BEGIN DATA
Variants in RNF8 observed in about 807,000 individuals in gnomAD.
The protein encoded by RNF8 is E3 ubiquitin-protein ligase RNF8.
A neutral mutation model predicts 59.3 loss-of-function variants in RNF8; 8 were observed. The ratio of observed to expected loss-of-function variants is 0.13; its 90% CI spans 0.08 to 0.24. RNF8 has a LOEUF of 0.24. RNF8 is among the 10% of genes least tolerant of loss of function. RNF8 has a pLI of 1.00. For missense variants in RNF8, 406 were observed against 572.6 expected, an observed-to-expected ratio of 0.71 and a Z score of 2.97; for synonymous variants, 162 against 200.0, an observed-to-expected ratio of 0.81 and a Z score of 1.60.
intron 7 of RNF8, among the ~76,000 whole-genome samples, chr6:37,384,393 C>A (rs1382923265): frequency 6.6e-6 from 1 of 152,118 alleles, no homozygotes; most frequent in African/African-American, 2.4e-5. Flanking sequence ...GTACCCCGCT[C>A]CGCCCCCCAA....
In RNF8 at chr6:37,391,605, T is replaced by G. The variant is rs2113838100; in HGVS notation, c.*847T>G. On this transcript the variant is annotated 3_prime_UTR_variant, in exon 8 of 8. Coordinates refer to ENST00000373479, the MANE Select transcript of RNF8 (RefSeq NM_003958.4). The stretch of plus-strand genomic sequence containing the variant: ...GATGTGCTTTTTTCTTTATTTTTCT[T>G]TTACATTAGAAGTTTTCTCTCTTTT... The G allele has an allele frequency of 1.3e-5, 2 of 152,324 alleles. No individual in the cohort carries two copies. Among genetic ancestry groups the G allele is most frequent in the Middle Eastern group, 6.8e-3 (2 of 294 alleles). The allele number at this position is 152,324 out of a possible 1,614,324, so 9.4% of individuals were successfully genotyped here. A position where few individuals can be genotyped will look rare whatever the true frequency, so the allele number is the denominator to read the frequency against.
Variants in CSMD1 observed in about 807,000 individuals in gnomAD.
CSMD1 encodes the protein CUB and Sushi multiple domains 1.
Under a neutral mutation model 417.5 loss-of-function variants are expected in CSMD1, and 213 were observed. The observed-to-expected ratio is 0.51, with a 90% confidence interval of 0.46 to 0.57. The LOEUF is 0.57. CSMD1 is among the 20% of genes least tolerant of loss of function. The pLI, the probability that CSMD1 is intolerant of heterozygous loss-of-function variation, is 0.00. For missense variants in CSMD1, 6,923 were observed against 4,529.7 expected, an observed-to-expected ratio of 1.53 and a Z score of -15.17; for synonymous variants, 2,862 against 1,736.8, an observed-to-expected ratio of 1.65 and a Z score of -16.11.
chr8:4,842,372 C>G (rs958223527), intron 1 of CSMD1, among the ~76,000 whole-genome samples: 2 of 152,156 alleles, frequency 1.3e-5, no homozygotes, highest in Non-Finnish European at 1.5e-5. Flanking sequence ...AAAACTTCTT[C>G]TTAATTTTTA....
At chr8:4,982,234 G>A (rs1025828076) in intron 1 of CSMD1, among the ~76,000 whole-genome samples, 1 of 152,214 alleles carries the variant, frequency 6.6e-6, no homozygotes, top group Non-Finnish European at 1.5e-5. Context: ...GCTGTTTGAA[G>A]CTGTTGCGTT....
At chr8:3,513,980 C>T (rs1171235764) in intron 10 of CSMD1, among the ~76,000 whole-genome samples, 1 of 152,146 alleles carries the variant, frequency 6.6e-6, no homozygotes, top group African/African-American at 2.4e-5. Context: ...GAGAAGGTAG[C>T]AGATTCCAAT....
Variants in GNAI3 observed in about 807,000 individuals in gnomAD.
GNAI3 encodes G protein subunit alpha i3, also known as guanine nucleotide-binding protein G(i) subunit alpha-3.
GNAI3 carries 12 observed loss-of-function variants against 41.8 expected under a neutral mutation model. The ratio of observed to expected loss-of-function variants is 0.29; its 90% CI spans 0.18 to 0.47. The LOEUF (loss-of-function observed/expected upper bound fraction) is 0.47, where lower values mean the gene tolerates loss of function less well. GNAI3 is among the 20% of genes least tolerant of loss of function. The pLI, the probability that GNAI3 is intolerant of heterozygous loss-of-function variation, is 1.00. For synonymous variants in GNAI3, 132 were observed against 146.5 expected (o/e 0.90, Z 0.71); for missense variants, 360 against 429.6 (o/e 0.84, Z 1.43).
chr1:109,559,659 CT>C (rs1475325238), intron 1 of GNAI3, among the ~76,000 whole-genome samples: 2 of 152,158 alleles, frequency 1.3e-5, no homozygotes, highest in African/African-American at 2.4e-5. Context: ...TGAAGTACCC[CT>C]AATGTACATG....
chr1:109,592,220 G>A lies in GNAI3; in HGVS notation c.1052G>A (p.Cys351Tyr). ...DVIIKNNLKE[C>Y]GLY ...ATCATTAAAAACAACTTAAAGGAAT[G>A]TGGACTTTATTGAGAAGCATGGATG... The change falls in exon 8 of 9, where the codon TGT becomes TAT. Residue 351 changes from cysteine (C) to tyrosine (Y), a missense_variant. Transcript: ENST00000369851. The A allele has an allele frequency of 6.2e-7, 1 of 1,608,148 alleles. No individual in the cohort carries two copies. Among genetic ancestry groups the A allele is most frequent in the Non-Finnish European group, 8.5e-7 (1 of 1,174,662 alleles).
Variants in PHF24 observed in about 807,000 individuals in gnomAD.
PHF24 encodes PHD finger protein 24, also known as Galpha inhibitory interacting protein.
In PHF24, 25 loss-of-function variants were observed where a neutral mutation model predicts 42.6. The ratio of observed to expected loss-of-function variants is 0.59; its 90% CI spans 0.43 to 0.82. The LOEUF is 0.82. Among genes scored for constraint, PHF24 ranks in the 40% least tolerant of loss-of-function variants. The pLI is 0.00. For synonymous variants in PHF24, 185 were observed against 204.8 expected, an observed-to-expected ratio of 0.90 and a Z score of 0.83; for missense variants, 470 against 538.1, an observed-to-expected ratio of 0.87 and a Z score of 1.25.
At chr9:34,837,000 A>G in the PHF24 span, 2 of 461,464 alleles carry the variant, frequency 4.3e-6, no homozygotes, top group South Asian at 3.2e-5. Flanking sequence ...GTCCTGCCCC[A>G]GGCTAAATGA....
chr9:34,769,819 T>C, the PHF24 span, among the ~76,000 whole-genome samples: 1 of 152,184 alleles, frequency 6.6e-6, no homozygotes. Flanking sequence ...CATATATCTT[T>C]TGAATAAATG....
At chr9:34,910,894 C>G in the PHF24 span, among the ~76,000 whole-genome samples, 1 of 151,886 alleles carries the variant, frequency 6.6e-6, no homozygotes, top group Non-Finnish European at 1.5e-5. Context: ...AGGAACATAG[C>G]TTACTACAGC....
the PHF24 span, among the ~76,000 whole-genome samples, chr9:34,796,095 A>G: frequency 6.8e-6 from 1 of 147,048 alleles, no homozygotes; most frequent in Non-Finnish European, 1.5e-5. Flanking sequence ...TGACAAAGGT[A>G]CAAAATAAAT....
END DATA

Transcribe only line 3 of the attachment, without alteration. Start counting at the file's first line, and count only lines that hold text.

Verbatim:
A neutral mutation model predicts 59.3 loss-of-function variants in RNF8; 8 were observed. The ratio of observed to expected loss-of-function variants is 0.13; its 90% CI spans 0.08 to 0.24. RNF8 has a LOEUF of 0.24. RNF8 is among the 10% of genes least tolerant of loss of function. RNF8 has a pLI of 1.00. For missense variants in RNF8, 406 were observed against 572.6 expected, an observed-to-expected ratio of 0.71 and a Z score of 2.97; for synonymous variants, 162 against 200.0, an observed-to-expected ratio of 0.81 and a Z score of 1.60.